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Texas Art Collectors in the Wall Street Journal


by Jerome Weeks 6 Jan 2010

In the WSJ, Willard Spiegelman reviews the Kimbell Art Museum’s current exhibition, “From the Private Collections of Texas: European Art, Ancient to Modern.” He calls it not so much another of the Kimbell’s “elegantly didactic” efforts — a description one might apply to the entertainingly waspish Spiegelman himself — but a celebration, “a giant Christmas […]

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Ray-&-Patsy-Nasher-at-NorthPark-Center-April-1965--03

Raymond and Patsy Nasher

In the WSJ, Willard Spiegelman reviews the Kimbell Art Museum’s current exhibition, “From the Private Collections of Texas: European Art, Ancient to Modern.” He calls it not so much another of the Kimbell’s “elegantly didactic” efforts — a description one might apply to the entertainingly waspish Spiegelman himself — but a celebration, “a giant Christmas stocking stuffed with more than 100 random goodies.”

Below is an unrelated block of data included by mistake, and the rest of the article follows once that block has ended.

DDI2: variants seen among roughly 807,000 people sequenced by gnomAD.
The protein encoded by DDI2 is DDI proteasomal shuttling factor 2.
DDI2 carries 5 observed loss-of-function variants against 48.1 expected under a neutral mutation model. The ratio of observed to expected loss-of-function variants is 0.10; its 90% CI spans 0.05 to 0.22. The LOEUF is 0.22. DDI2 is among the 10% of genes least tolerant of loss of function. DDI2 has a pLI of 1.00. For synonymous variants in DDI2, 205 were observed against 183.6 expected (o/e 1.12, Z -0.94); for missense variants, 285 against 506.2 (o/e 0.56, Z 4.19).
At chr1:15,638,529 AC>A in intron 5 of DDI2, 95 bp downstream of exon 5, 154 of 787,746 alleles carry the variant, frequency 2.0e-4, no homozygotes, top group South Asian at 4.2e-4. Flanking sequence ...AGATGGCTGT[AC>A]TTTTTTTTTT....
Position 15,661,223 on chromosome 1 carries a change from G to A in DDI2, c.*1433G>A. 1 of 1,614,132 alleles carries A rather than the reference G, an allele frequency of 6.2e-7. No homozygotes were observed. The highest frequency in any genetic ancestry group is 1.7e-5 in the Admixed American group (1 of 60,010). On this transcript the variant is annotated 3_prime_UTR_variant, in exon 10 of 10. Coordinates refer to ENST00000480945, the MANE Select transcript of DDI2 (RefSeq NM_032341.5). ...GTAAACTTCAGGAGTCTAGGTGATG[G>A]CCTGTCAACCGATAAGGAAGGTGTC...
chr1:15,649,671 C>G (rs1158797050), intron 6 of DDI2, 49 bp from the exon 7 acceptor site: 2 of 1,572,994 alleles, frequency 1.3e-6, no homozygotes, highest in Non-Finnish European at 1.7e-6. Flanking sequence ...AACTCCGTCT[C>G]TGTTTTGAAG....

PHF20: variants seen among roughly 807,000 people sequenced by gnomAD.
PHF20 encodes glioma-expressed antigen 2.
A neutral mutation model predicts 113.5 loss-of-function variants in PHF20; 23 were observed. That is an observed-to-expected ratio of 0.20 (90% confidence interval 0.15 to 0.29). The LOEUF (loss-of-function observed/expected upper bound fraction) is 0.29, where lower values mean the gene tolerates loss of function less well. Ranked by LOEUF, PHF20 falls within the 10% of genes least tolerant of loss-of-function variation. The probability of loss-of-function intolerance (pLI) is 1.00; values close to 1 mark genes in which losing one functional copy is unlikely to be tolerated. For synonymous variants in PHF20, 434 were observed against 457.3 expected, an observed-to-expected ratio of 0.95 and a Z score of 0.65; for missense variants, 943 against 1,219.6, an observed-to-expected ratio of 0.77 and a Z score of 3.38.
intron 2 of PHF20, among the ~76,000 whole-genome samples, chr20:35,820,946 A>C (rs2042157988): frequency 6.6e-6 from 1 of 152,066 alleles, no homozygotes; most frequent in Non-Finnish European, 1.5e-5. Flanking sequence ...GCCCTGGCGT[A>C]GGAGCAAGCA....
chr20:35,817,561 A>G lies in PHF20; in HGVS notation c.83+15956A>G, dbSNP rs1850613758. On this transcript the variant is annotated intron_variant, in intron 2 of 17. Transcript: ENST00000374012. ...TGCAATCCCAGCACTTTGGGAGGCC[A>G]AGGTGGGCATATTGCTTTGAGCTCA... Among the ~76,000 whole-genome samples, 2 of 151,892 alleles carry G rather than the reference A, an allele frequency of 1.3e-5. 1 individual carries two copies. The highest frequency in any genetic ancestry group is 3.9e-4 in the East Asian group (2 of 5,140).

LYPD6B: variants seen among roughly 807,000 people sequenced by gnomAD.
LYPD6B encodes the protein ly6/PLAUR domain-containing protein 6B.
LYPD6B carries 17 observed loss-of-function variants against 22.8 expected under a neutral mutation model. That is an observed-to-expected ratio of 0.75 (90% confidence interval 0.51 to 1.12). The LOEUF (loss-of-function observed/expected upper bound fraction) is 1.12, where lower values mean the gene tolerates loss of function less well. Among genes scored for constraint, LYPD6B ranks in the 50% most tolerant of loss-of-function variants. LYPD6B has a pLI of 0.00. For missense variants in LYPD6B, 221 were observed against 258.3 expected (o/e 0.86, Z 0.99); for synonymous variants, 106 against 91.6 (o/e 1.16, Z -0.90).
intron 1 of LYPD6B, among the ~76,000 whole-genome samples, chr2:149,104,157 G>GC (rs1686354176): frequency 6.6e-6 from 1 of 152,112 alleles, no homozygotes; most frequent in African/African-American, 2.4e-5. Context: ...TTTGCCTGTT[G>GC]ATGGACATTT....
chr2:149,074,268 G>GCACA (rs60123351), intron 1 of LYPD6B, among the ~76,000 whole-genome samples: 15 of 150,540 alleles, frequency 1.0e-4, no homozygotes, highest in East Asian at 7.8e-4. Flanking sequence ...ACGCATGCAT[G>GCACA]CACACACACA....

The exhibition, Spiegelman writes, tells two stories, one about Texas and the other about the state’s collectors:

The De Menils collected Surrealists and African art along with Old Masters. The Clarks of Dallas focused on Mondrian; the Nashers, on modern sculpture. Michael Rosenberg, also of Dallas, amassed 18th-century French work. Marion Koogler McNay loved the Impressionists. The Barretts of Dallas, Johnnys-Come-Lately, recently developed a taste for Swiss painting. All of these collectors, both unnamed and named, worked with dealers, but they also followed their own instincts.

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